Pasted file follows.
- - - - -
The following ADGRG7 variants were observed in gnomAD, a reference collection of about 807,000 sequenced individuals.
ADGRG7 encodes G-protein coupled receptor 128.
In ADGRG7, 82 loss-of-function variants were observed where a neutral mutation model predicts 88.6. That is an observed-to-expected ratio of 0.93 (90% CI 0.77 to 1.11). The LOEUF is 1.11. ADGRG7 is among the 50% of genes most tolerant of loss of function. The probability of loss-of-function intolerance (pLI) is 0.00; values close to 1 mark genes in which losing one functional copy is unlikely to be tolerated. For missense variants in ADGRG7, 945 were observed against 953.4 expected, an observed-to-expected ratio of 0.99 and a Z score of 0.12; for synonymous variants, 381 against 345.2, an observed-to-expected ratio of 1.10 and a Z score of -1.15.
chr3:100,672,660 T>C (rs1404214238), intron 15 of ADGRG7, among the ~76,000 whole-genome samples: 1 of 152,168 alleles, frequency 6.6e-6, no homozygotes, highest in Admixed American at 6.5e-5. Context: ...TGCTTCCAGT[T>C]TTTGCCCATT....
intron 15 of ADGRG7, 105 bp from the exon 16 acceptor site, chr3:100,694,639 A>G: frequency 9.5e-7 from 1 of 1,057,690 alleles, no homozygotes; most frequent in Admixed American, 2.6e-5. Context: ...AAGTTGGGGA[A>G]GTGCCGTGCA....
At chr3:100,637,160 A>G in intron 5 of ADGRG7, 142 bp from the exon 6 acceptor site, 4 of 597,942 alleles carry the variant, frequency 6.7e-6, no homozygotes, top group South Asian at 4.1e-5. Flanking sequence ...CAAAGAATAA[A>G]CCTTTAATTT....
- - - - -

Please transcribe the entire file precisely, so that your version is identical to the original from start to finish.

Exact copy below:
The following ADGRG7 variants were observed in gnomAD, a reference collection of about 807,000 sequenced individuals.
ADGRG7 encodes G-protein coupled receptor 128.
In ADGRG7, 82 loss-of-function variants were observed where a neutral mutation model predicts 88.6. That is an observed-to-expected ratio of 0.93 (90% CI 0.77 to 1.11). The LOEUF is 1.11. ADGRG7 is among the 50% of genes most tolerant of loss of function. The probability of loss-of-function intolerance (pLI) is 0.00; values close to 1 mark genes in which losing one functional copy is unlikely to be tolerated. For missense variants in ADGRG7, 945 were observed against 953.4 expected, an observed-to-expected ratio of 0.99 and a Z score of 0.12; for synonymous variants, 381 against 345.2, an observed-to-expected ratio of 1.10 and a Z score of -1.15.
chr3:100,672,660 T>C (rs1404214238), intron 15 of ADGRG7, among the ~76,000 whole-genome samples: 1 of 152,168 alleles, frequency 6.6e-6, no homozygotes, highest in Admixed American at 6.5e-5. Context: ...TGCTTCCAGT[T>C]TTTGCCCATT....
intron 15 of ADGRG7, 105 bp from the exon 16 acceptor site, chr3:100,694,639 A>G: frequency 9.5e-7 from 1 of 1,057,690 alleles, no homozygotes; most frequent in Admixed American, 2.6e-5. Context: ...AAGTTGGGGA[A>G]GTGCCGTGCA....
At chr3:100,637,160 A>G in intron 5 of ADGRG7, 142 bp from the exon 6 acceptor site, 4 of 597,942 alleles carry the variant, frequency 6.7e-6, no homozygotes, top group South Asian at 4.1e-5. Flanking sequence ...CAAAGAATAA[A>G]CCTTTAATTT....